Alia Conley / World-Herald
About three out of every four sexual assault kits booked into evidence at the Omaha Police Department have not been tested for DNA, authorities estimate.
A $1.9 million federal grant will let the department begin to catch up on the backlog of sexual assault kits — up to 1,500 of them — that haven’t been tested.
By Emily Nohr / World-Herald staff writer
November 6, 2018
Omaha’s police chief wants to tweak a law designed to make grand juries more open.
Police Chief Todd Schmaderer said a bill by State Sen. Ernie Chambers of Omaha two years ago had the unintended consequence of making public a grand jury’s final report in cases when an officer is indicted.
Evidence, including transcripts and exhibits, should be released, Schmaderer said, but not immediately. That information should be released after an officer’s criminal proceedings are over, he said.
“Law enforcement officers are like everybody else,” he said. “They deserve proper due process in their cases, and this little cleanup will ensure that takes place.”
Chambers said that at first blush, the proposal sounds reasonable, but he promised to take a “microscopic-type” look at any proposed legislation.
“I’m willing to look at it and talk to (Schmaderer),” Chambers said. “He has always shown that he is acting in good faith. He knows that I am, too.”
The proposal is one of several under consideration to be City of Omaha priorities for the 2019 session of the Nebraska Legislature. On Tuesday, the City Council will hold a public hearing and vote on whether to advocate for the bills when state senators convene at the State Capitol in January. Read More.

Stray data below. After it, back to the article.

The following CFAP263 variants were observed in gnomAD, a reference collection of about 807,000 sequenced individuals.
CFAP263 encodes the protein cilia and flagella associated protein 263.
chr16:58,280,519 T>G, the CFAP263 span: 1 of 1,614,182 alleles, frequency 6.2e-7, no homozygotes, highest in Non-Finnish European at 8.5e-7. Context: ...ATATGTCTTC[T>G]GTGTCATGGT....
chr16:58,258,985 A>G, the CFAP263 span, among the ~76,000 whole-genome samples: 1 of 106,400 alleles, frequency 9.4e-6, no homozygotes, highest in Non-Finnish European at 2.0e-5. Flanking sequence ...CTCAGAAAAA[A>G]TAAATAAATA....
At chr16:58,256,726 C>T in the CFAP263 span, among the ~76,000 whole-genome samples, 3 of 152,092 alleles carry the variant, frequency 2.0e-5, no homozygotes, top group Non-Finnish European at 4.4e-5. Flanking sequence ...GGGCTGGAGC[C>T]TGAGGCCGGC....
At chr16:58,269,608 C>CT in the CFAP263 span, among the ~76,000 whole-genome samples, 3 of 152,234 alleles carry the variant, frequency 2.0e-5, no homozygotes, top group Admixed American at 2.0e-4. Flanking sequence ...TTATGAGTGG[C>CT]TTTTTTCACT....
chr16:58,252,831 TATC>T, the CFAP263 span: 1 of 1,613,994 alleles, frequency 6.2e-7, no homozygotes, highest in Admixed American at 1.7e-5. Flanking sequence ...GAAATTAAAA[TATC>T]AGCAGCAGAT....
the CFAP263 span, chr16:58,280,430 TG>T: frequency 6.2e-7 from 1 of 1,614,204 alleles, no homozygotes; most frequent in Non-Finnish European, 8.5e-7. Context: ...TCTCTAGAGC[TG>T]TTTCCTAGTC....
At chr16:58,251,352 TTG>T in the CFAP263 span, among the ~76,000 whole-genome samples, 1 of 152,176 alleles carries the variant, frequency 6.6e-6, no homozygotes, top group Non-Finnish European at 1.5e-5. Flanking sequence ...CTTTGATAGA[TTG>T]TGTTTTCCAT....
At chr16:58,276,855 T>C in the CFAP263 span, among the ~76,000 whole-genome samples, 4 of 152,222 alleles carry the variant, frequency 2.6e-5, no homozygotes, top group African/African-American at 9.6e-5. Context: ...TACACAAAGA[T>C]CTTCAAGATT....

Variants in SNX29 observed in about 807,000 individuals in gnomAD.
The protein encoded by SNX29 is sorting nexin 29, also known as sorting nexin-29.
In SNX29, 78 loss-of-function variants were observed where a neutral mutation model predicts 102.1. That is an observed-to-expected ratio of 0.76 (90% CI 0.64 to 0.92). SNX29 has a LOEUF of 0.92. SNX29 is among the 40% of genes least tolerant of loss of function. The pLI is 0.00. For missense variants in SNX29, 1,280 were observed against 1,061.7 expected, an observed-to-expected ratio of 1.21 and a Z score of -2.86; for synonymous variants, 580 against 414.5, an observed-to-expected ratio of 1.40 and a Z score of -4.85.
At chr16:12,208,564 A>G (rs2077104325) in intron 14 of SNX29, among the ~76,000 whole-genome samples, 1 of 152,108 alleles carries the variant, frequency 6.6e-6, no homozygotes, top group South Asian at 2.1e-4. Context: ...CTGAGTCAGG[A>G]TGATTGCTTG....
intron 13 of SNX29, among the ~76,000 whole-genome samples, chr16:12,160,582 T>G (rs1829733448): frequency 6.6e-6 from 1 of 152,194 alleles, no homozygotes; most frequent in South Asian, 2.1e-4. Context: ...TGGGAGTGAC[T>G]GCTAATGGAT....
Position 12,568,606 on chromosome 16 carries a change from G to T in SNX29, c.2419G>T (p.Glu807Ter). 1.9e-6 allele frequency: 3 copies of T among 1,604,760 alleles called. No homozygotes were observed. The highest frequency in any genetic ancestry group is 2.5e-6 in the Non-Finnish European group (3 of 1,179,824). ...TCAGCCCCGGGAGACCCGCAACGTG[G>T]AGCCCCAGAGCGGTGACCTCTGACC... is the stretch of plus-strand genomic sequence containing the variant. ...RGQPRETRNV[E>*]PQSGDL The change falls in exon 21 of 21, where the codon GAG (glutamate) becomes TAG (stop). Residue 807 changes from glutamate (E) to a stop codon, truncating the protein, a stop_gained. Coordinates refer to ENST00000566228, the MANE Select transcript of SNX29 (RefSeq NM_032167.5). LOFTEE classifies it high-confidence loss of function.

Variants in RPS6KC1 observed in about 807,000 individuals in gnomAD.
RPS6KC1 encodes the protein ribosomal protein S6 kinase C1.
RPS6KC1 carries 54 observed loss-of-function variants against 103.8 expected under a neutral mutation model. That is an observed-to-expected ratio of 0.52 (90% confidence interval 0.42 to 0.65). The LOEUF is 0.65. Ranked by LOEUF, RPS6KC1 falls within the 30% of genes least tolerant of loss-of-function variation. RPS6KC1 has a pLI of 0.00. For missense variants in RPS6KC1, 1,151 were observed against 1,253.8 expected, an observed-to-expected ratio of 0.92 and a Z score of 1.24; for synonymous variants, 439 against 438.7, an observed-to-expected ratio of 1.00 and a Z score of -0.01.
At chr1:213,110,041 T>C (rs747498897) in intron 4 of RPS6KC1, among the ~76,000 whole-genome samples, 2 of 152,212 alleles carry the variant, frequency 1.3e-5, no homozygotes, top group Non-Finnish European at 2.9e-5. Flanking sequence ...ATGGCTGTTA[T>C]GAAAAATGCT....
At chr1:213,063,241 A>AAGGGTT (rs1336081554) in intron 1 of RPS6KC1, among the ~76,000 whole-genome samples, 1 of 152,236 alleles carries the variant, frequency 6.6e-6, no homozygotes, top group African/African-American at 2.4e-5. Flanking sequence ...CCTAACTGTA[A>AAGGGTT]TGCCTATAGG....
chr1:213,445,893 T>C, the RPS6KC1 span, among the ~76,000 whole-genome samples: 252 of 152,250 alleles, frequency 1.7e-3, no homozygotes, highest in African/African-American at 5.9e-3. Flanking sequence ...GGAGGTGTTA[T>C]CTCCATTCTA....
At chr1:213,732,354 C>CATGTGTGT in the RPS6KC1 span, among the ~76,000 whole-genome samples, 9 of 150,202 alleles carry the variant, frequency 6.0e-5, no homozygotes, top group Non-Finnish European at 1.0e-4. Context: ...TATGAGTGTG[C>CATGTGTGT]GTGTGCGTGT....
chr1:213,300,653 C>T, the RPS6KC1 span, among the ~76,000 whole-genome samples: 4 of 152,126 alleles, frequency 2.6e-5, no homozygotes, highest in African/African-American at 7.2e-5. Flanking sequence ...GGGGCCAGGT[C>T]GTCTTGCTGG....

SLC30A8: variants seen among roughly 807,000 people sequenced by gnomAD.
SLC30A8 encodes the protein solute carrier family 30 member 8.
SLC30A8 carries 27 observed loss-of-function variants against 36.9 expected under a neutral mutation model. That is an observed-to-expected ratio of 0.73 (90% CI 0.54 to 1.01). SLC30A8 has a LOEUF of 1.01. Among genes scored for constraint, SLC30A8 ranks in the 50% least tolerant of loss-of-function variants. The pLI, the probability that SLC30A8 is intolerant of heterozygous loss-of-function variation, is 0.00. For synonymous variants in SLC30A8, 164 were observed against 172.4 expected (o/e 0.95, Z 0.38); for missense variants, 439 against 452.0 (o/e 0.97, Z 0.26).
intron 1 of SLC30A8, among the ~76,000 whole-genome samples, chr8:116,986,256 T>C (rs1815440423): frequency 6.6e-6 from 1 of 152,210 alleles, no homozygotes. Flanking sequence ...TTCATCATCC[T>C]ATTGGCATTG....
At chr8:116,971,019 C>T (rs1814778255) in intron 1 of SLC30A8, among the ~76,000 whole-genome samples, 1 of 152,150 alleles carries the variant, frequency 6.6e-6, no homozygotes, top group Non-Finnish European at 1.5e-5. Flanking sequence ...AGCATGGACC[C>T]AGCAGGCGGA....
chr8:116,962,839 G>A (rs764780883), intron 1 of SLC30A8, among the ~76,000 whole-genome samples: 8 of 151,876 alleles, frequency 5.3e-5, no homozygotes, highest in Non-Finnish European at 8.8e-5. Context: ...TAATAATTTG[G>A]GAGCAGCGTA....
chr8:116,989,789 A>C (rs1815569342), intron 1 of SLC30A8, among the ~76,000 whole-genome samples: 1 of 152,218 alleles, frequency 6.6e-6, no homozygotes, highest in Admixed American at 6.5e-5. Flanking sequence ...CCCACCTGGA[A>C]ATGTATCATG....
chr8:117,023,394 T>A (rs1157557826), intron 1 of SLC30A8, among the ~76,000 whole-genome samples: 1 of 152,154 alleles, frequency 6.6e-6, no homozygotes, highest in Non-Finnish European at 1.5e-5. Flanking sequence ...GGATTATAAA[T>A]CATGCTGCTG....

By Todd Cooper / World-Herald staff writer
November 6, 2018
The judge who recused himself in a former Millard South administrator’s sexual assault case said there’s a simple reason he stepped aside: An attorney in the case once represented the judge.
Douglas County District Judge Duane Dougherty released that reasoning after prosecutors requested last week that he explain why he recused himself nine months after being assigned the case of Matt Fedde, the former assistant high school principal who sexually assaulted a 15-year-old student at the school.
Dougherty refused to reconsider his recusal, saying it was in the best interests of justice for him to hand off the case. He cited the Nebraska Code of Judicial Conduct, which says “a judge shall disqualify himself or herself in any proceeding in which the judge’s impartiality might reasonably be questioned.” For more information.
Trump pledged on Wednesday to put an “extremely big dent” in the scourge of drug addiction in America by signing a bipartisan bill from Congress — and supported by all five members of Nebraska’s congressional delegation — intended to attack the opioid crisis.
Closer to home, the Nebraska State Patrol has seized more than 176 pounds of fentanyl in the past year. In 2018 alone, more than 40 pounds of heroin and 2,000 dosage units of illegally possessed prescription drugs have been seized. Read More.
LINCOLN – Today, Governor Pete Ricketts appointed Andrew R. Lange of Waverly to the County Court of the Fifth Judicial District.